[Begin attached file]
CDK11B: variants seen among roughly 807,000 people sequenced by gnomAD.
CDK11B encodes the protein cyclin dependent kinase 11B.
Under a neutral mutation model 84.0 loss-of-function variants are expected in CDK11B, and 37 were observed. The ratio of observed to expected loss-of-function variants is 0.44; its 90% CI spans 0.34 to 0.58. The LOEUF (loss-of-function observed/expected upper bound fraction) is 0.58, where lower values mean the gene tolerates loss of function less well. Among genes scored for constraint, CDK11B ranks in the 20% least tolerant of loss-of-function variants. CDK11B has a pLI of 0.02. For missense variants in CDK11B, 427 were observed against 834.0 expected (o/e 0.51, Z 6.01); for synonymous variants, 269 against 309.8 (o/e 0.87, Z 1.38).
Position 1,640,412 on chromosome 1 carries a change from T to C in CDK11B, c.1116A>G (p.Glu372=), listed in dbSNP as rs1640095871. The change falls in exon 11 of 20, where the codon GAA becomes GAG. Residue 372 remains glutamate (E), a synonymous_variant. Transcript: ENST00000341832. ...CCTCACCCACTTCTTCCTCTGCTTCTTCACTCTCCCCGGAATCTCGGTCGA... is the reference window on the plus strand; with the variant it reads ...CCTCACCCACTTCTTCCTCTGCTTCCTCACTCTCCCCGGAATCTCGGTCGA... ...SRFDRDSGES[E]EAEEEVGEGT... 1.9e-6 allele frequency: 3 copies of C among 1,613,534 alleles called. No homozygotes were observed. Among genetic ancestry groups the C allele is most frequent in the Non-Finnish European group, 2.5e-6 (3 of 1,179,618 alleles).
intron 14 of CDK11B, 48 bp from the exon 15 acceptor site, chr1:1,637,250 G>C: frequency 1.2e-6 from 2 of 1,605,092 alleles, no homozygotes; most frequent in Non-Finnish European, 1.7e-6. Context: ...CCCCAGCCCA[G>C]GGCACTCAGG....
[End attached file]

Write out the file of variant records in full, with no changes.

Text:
CDK11B: variants seen among roughly 807,000 people sequenced by gnomAD.
CDK11B encodes the protein cyclin dependent kinase 11B.
Under a neutral mutation model 84.0 loss-of-function variants are expected in CDK11B, and 37 were observed. The ratio of observed to expected loss-of-function variants is 0.44; its 90% CI spans 0.34 to 0.58. The LOEUF (loss-of-function observed/expected upper bound fraction) is 0.58, where lower values mean the gene tolerates loss of function less well. Among genes scored for constraint, CDK11B ranks in the 20% least tolerant of loss-of-function variants. CDK11B has a pLI of 0.02. For missense variants in CDK11B, 427 were observed against 834.0 expected (o/e 0.51, Z 6.01); for synonymous variants, 269 against 309.8 (o/e 0.87, Z 1.38).
Position 1,640,412 on chromosome 1 carries a change from T to C in CDK11B, c.1116A>G (p.Glu372=), listed in dbSNP as rs1640095871. The change falls in exon 11 of 20, where the codon GAA becomes GAG. Residue 372 remains glutamate (E), a synonymous_variant. Transcript: ENST00000341832. ...CCTCACCCACTTCTTCCTCTGCTTCTTCACTCTCCCCGGAATCTCGGTCGA... is the reference window on the plus strand; with the variant it reads ...CCTCACCCACTTCTTCCTCTGCTTCCTCACTCTCCCCGGAATCTCGGTCGA... ...SRFDRDSGES[E]EAEEEVGEGT... 1.9e-6 allele frequency: 3 copies of C among 1,613,534 alleles called. No homozygotes were observed. Among genetic ancestry groups the C allele is most frequent in the Non-Finnish European group, 2.5e-6 (3 of 1,179,618 alleles).
intron 14 of CDK11B, 48 bp from the exon 15 acceptor site, chr1:1,637,250 G>C: frequency 1.2e-6 from 2 of 1,605,092 alleles, no homozygotes; most frequent in Non-Finnish European, 1.7e-6. Context: ...CCCCAGCCCA[G>C]GGCACTCAGG....